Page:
Wednesday, 30 March 2011

Man by the Lake & A Bed Made for Love

Spring in the air, there's magic everywhere, when you're young and in love. And there's plenty of magic and love at Player-Playwrights on April 4th, with a double bill by Maryse Addison. Maryse may be yet another writer making her debut with us, but by industry standards she's a grizzled veteran. A TV director and producer from way back, who has written about such varied subjects as polar bears and Nazis, she's now gracing us with a double bill of radio plays. Man by the Lake is a very atmospheric tale of spooky goings-on when a woman starts to have visions of a man... by a lake.

And a Bed Made for Love is a lighter, romanticish comedy about a couple on honeymoon. I'm afraid to warn you that there's even a dash of sex involved. But we like that, especially on radio. They clock in at thirty minutes and twenty minutes respectively, so there's plenty of time for the readings, the discussion, and then a cup of cocoa at home where we can all calm down at home watching Paxman on Newsnight.

Competition Closed

Just for the record, in case you are scribbling away, we already have ten entries for the Wedding Fever competition. So, keep it for next time. Or, if you've already finished it but not sent it in and don't think it can be rewritten for our inevitable Olympic Fever contest for the next summer, we may have it done out of competition early next term, if I'm feeling generous. But this has proved to be a popular theme - everybody loves a wedding, don't they?

Tuesday, 29 March 2011


Some of the more educated among you may have heard of Macbeth, often referred to by theatrical folk as The Scottish Play. Well now we have what will no doubt go down in history as The African Play, as our very own Eamon McDonnell has taken Shakespeare's tragedy, cut out the boring bits, and moved the action to the Ancient African civilization that was the Benin Empire - "giving this famous tale an original and engaging twist". ( well that's what he thinks ) "This production delivers, both visually and culturally, a very exciting performance, fusing the original violent tale with a new setting and context - bringing the vibrancy of Africa to the stage".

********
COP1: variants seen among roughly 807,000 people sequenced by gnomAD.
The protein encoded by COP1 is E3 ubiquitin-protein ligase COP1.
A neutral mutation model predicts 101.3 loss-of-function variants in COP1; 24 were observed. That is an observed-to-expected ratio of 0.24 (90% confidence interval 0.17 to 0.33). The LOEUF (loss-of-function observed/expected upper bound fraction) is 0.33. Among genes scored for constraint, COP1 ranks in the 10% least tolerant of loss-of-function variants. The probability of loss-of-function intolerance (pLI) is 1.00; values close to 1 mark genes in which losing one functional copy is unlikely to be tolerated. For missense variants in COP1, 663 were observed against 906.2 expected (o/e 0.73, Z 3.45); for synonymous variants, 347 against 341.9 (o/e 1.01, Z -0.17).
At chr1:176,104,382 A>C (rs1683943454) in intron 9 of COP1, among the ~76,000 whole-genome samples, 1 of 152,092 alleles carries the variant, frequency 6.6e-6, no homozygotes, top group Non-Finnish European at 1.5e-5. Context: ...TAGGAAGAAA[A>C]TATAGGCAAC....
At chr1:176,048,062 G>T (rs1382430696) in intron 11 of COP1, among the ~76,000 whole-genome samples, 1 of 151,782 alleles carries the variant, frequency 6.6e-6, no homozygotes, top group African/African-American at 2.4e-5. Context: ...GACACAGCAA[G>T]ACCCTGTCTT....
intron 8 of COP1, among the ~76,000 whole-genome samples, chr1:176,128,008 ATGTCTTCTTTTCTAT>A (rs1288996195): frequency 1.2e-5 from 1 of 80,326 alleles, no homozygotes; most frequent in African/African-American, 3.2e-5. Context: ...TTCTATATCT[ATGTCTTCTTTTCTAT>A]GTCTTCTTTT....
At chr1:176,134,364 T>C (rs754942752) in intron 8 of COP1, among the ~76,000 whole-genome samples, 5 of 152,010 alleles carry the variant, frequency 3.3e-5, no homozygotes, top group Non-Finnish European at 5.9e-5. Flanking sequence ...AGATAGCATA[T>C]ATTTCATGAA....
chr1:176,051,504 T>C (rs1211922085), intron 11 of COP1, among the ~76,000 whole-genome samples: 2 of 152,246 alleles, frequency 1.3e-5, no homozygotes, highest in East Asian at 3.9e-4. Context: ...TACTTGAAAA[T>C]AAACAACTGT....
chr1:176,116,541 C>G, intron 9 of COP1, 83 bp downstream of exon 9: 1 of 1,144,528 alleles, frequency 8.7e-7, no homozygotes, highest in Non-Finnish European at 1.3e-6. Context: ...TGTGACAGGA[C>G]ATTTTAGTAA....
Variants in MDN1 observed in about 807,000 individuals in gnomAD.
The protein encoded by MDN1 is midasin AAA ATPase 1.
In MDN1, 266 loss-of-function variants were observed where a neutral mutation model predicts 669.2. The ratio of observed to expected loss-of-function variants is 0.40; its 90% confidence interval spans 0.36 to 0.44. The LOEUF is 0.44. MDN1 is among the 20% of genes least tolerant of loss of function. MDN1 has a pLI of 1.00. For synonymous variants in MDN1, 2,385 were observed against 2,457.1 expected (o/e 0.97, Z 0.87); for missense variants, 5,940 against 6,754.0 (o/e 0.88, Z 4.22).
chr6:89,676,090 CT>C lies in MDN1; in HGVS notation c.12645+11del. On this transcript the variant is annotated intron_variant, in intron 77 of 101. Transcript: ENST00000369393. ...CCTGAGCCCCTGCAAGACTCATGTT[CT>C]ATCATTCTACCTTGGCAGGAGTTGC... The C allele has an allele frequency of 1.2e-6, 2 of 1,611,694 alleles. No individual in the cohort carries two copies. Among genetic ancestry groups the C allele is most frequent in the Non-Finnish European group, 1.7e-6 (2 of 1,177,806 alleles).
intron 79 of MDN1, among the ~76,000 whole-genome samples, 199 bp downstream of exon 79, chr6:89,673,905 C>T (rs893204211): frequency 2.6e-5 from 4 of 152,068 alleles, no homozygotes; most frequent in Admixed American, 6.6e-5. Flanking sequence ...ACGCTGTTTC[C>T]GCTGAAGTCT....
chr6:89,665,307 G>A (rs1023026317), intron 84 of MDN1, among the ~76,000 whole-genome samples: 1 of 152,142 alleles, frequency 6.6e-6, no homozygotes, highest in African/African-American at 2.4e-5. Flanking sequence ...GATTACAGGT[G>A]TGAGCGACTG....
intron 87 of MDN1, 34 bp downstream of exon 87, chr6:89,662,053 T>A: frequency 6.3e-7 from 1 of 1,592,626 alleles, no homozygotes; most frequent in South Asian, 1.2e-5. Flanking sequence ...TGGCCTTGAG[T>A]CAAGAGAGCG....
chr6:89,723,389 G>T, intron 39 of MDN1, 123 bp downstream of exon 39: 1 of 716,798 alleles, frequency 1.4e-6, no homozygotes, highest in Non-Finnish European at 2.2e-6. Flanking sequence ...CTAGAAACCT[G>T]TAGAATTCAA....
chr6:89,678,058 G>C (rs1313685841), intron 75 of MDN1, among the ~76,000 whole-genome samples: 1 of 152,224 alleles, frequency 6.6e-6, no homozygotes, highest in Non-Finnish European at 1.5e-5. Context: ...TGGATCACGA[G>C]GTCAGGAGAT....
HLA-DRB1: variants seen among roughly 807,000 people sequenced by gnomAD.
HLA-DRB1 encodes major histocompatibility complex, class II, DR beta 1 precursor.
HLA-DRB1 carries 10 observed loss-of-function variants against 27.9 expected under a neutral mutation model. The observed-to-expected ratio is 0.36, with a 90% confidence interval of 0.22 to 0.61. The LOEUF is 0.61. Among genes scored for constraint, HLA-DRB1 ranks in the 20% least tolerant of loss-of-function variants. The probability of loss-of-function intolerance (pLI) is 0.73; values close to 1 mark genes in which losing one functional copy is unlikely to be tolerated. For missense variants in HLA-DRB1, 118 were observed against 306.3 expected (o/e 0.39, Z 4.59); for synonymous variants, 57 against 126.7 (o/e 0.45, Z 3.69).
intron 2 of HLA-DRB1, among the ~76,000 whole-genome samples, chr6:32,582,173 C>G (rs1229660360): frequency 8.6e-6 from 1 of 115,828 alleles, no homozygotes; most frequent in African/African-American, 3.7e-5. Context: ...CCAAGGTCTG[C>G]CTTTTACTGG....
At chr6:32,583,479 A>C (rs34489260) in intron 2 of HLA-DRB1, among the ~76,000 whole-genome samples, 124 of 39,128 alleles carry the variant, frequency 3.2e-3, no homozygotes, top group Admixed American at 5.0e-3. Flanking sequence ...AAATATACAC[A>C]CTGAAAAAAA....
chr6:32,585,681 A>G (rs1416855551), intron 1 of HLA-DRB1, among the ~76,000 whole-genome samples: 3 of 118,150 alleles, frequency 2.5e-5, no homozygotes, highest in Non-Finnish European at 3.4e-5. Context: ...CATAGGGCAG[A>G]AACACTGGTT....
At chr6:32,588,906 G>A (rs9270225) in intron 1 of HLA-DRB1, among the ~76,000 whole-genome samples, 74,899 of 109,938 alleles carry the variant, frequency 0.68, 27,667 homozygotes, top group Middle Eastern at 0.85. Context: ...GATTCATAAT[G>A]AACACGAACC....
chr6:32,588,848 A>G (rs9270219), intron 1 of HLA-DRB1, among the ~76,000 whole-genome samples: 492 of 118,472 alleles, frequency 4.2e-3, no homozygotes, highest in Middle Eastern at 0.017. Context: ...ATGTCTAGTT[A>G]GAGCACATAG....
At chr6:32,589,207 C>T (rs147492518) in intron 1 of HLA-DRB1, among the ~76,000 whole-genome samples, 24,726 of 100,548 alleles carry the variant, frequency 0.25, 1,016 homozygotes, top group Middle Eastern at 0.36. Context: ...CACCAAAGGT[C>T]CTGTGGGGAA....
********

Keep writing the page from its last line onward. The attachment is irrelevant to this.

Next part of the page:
It's playing at the Greenwich Playhouse and runs for almost four weeks. First night is Tuesday April 7th, and continues till May 1st.

Be there.

After After the Accident

For that matter we haven't seen much of Julian Armitstead lately, what with him writing international award-winning plays that get onto Radio four and all. Indeed, that isn't all. After the Accident is touring this spring, c/o REM Projects, and has even got some dosh from the Arts Council England. It's having a preview at the Oxford North Wall Friday and Saturday April 1-2, and thereafter at the Bristol Tobacco Factory for two weeks. London audiences will be able to catch up with it at the Soho Theatre Upstairs from June 6th-19th. And if you don't get to see it, you can always order a copy from Methuen.

The Sea Lovers

Gambo's back! We may not have seen too much of the great man lately, but to compensate we can always listen to him. Here he is, acting in another Rhubba Radio sketch. Left click to listen or right click to download.

Thursday, 24 March 2011

Doorway & Word of Mouth

Monday March 28 brings us a double bill of debuts. First up is a short ten minute play by previous P-P Actress of the Year Nicola Hollinshead, entitled Doorway. It's a two-hander, and will also feature a pair of newbie thespians, Eileen Pollock and Max Warrick. After a brief and hopefully lively discussion, we'll then turn to the evening's main entertainment, Sandy Nicholson's Word of Mouth.